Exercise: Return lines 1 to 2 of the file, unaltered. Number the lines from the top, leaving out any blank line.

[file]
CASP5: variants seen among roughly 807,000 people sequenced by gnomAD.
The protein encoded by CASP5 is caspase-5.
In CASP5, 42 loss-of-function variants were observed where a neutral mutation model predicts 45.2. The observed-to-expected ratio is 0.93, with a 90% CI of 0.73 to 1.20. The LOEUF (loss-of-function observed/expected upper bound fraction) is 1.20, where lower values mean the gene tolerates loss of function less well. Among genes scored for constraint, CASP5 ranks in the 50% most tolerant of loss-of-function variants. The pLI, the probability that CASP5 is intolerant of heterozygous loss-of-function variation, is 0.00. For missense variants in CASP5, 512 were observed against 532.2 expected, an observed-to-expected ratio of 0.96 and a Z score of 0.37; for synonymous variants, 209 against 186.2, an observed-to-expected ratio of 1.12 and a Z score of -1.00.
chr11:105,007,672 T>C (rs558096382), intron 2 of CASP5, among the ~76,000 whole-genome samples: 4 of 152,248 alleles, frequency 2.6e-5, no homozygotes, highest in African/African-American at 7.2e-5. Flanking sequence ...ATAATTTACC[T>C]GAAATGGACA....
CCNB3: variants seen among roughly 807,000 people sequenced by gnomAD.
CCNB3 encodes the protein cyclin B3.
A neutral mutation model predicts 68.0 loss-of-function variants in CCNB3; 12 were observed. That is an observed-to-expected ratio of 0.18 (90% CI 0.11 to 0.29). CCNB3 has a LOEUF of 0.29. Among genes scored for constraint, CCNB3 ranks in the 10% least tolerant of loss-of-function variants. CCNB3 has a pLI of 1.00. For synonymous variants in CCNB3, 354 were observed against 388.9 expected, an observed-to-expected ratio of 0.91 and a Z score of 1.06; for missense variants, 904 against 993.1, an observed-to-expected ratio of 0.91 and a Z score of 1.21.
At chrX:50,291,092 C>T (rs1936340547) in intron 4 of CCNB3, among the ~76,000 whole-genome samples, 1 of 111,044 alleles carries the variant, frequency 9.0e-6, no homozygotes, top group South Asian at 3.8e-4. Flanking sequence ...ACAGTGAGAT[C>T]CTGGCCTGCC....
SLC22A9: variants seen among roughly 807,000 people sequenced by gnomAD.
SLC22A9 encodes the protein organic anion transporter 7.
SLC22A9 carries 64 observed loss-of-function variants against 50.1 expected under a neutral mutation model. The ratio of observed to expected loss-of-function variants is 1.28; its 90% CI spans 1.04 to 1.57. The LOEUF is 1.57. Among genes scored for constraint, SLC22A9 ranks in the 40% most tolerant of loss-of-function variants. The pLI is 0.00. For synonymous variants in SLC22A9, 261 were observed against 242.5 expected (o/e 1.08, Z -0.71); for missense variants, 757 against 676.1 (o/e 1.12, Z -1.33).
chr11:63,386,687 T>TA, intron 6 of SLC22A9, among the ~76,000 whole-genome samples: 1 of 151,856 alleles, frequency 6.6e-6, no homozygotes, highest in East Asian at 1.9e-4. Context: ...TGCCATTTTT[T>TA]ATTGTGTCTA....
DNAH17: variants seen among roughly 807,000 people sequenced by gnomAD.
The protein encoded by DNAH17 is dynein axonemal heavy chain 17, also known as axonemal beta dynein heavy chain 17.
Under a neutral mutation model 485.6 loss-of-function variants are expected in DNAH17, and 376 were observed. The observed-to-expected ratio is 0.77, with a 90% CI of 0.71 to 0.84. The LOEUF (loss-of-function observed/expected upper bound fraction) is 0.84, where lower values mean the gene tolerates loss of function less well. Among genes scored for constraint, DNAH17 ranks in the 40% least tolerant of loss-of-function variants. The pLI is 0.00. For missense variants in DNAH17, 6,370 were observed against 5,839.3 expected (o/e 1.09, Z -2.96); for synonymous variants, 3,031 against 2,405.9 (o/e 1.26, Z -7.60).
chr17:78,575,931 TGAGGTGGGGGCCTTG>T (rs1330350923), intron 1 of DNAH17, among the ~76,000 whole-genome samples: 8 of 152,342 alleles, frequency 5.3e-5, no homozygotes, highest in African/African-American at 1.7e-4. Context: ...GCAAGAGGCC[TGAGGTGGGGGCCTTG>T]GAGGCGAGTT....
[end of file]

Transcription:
CASP5: variants seen among roughly 807,000 people sequenced by gnomAD.
The protein encoded by CASP5 is caspase-5.